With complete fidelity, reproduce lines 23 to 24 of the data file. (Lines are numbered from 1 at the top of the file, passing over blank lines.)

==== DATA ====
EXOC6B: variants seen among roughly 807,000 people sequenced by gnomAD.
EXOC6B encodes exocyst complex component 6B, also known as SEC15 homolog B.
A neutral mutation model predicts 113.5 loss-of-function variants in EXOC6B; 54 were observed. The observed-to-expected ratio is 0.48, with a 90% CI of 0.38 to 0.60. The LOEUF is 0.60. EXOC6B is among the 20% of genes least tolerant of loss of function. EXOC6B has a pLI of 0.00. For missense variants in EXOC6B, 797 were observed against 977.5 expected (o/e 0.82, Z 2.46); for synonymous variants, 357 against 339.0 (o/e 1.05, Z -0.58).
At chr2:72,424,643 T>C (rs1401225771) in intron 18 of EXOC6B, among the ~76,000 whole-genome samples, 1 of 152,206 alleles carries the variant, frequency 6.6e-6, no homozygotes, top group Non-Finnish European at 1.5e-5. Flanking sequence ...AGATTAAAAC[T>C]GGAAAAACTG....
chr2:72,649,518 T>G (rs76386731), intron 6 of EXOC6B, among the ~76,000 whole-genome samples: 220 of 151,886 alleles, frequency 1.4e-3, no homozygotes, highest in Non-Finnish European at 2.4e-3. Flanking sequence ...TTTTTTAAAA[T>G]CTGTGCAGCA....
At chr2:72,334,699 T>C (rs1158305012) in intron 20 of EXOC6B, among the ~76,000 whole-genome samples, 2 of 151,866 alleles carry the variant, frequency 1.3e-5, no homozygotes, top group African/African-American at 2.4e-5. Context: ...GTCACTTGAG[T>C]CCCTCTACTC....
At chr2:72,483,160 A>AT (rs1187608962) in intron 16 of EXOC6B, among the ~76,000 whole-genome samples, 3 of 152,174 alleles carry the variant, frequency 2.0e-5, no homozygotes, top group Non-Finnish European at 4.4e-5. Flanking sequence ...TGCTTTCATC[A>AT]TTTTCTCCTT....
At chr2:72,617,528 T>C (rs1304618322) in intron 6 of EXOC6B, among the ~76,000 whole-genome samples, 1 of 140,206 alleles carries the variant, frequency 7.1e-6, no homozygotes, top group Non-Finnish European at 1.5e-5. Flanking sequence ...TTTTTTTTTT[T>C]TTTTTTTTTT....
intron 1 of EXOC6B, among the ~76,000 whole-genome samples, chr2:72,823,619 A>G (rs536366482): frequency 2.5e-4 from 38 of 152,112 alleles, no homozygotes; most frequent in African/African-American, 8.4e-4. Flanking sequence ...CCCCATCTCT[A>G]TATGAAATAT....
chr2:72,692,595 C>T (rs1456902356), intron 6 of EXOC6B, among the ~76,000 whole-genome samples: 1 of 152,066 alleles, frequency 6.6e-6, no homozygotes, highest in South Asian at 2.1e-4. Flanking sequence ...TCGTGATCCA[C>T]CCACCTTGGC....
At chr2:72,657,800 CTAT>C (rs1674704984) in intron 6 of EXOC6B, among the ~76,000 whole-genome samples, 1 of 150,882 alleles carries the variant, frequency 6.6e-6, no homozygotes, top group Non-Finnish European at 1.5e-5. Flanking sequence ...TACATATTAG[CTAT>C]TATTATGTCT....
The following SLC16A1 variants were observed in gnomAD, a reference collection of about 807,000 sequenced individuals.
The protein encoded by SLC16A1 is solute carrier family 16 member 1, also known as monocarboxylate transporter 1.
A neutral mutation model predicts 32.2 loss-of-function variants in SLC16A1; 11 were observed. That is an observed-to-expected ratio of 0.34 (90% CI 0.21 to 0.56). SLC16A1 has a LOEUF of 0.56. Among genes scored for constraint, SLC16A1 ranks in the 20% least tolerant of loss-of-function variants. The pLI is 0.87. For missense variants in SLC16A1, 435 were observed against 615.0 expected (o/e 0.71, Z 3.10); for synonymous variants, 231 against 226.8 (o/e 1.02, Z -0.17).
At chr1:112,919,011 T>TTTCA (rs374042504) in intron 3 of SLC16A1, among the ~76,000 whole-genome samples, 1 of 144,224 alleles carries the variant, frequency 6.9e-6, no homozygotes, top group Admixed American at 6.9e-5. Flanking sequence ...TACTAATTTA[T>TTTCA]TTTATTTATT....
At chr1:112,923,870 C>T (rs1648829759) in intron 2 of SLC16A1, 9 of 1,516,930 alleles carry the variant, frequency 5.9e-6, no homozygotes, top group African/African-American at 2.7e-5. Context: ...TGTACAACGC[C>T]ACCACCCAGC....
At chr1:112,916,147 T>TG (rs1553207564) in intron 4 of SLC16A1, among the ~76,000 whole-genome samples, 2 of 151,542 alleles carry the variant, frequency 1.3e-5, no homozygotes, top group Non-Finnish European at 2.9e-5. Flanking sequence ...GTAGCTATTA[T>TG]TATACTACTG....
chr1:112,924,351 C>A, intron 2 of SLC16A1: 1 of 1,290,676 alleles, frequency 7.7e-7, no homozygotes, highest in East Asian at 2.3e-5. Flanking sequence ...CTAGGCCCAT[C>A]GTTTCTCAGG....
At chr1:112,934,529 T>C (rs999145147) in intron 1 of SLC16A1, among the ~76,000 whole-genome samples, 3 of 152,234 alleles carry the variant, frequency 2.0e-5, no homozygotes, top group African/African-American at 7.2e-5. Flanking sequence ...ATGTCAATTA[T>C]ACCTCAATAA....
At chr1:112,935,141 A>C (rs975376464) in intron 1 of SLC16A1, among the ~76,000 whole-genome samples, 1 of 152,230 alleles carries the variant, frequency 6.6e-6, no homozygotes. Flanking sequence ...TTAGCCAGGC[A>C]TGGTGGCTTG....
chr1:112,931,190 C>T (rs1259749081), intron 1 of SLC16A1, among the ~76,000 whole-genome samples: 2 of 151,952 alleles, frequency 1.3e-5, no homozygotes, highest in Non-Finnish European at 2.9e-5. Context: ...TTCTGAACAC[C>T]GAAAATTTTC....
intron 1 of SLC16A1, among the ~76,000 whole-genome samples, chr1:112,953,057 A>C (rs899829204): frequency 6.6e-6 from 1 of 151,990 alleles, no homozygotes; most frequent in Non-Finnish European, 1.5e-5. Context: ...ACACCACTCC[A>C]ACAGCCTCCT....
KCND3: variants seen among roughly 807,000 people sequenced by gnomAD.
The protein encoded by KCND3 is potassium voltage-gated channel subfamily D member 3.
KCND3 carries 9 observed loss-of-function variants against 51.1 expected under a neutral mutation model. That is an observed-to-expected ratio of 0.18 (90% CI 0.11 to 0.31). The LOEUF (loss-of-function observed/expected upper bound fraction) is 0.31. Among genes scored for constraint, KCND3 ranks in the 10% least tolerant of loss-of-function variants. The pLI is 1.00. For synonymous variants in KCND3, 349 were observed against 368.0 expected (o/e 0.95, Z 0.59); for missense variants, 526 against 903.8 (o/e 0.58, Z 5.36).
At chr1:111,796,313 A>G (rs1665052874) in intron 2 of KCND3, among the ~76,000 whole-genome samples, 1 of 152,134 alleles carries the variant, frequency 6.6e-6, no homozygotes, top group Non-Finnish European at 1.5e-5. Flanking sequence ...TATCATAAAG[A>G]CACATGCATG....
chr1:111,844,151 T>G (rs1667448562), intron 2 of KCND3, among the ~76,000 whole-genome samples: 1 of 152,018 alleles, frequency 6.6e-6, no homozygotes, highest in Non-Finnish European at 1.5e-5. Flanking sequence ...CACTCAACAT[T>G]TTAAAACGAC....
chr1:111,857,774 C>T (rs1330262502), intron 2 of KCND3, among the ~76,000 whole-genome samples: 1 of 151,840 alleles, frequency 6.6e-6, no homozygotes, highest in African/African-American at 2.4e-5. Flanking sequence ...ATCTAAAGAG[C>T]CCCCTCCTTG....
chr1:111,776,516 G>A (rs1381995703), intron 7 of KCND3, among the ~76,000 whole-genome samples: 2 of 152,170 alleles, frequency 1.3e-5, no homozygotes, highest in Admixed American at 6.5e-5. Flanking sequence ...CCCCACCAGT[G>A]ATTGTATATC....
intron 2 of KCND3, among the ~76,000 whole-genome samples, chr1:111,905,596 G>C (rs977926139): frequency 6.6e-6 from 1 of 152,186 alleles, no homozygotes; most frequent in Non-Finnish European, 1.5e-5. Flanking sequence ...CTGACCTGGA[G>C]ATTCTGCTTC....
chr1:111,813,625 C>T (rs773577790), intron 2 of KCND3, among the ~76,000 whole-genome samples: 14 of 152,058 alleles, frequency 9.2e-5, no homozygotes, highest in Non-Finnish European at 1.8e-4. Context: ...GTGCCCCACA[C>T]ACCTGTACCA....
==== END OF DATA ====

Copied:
KCND3: variants seen among roughly 807,000 people sequenced by gnomAD.
The protein encoded by KCND3 is potassium voltage-gated channel subfamily D member 3.